STRANGER, FATHER, BELOVED

An emotionally intelligent family drama that examines the breaking point of a marriage.

Larsen makes a noteworthy debut with a family drama that explores loyalty, lies, and well-being.

Michael James and his wife, Nancy, have a seemingly envious life. They have a Cape-style home on the Rhode Island peninsula, two beautiful children, and friends and neighbors who socialize like family. Yet their perfect life is full of pleasantries hiding lies and discomfort. Michael suffers from neurotic paranoia, and his medication no longer seems to ease his symptoms, particularly when combined with alcohol. During a dinner party, Michael’s behavior begins to shift into unpredictable territory. His delusions lead him to believe his wife would be better off married to John, one of their party guests. Michael not only works to bring his wife and John together, but he also befriends John to the point where the two men are inseparable. Larsen’s attention to characterization makes this a compelling story. The story is told in the third person, but each chapter hews to a different character's viewpoint, offering varying perspectives on the family's life. Michael’s struggle with anxiety reveals his motivation for wanting Nancy to be with John, while Nancy’s experiences shed light on her own challenges in a complicated marriage. Their daughter, Ryan, provides an interesting perspective as the outsider who witnesses the demise of the marriage while struggling with her own relationship woes. The setting is very much a character in its own right, with Larsen’s precise descriptions of the quaint community enhancing the mood. At the heart of this novel is a family of individuals working to keep everyone else happy, even if it means sacrificing something of themselves in the process. Larsen captures every nuance with finesse, every emotion with grace.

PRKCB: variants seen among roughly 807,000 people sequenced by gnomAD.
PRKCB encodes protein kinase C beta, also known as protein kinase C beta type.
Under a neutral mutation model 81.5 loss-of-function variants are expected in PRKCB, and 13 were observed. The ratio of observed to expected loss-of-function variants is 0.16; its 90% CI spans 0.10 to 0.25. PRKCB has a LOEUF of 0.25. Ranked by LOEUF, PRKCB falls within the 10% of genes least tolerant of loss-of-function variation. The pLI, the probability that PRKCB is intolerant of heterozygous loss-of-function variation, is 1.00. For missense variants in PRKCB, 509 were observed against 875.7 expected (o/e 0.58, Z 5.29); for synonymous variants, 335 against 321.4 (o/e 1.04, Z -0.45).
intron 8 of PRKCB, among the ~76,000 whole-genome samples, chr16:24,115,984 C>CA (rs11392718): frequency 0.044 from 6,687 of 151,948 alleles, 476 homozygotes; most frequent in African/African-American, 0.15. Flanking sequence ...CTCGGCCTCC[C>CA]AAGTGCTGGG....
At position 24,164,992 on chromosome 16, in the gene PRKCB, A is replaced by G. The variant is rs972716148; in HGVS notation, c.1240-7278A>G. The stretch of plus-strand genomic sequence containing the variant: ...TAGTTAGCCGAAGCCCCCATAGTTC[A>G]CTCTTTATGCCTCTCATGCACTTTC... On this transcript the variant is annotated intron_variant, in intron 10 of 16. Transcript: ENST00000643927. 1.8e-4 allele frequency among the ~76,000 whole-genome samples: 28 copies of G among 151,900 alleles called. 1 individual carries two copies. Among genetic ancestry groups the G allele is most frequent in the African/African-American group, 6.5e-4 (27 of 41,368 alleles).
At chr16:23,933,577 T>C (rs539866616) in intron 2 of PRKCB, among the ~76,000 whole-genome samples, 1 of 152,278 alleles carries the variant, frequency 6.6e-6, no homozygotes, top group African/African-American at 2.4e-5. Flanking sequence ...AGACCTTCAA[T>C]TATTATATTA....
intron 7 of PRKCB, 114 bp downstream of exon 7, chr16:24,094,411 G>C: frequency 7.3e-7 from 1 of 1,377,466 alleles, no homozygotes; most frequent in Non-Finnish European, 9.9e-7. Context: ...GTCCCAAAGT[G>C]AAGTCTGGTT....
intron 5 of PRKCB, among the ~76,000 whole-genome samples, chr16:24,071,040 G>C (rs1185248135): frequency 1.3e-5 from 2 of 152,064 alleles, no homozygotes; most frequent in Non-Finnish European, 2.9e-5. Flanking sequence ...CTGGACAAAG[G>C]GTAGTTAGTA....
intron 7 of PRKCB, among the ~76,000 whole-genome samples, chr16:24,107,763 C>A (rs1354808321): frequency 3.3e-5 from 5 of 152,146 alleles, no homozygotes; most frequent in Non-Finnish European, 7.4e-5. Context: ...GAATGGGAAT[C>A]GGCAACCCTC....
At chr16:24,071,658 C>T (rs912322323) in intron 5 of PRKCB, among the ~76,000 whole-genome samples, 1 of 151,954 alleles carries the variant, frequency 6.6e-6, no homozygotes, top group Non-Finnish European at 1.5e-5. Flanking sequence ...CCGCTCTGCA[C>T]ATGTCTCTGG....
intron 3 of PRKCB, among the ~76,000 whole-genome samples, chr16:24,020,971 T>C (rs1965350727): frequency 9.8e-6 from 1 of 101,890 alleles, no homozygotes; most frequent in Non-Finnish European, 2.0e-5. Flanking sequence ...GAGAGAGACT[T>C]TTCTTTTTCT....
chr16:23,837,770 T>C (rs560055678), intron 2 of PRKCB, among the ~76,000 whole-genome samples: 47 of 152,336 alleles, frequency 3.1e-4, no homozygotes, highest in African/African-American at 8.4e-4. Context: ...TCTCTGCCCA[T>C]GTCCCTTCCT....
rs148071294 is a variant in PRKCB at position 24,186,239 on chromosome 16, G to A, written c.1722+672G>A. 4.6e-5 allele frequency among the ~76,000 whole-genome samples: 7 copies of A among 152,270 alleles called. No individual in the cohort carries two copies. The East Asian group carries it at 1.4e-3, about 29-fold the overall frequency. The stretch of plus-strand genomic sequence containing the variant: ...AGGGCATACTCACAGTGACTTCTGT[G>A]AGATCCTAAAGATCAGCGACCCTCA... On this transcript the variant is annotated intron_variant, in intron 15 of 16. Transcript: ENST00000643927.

An emotionally intelligent family drama that examines the breaking point of a marriage.

Pub Date: July 12, 2016

ISBN: 978-1-5011-2475-4

Page Count: 272

Publisher: Gallery Books/Simon & Schuster

Review Posted Online: April 12, 2016

Kirkus Reviews Issue: May 1, 2016

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THE GREAT ALONE

A tour de force.

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In 1974, a troubled Vietnam vet inherits a house from a fallen comrade and moves his family to Alaska.

After years as a prisoner of war, Ernt Allbright returned home to his wife, Cora, and daughter, Leni, a violent, difficult, restless man. The family moved so frequently that 13-year-old Leni went to five schools in four years. But when they move to Alaska, still very wild and sparsely populated, Ernt finds a landscape as raw as he is. As Leni soon realizes, “Everyone up here had two stories: the life before and the life now. If you wanted to pray to a weirdo god or live in a school bus or marry a goose, no one in Alaska was going to say crap to you.” There are many great things about this book—one of them is its constant stream of memorably formulated insights about Alaska. Another key example is delivered by Large Marge, a former prosecutor in Washington, D.C., who now runs the general store for the community of around 30 brave souls who live in Kaneq year-round. As she cautions the Allbrights, “Alaska herself can be Sleeping Beauty one minute and a bitch with a sawed-off shotgun the next. There’s a saying: Up here you can make one mistake. The second one will kill you.” Hannah’s (The Nightingale, 2015, etc.) follow-up to her series of blockbuster bestsellers will thrill her fans with its combination of Greek tragedy, Romeo and Juliet–like coming-of-age story, and domestic potboiler. She re-creates in magical detail the lives of Alaska's homesteaders in both of the state's seasons (they really only have two) and is just as specific and authentic in her depiction of the spiritual wounds of post-Vietnam America.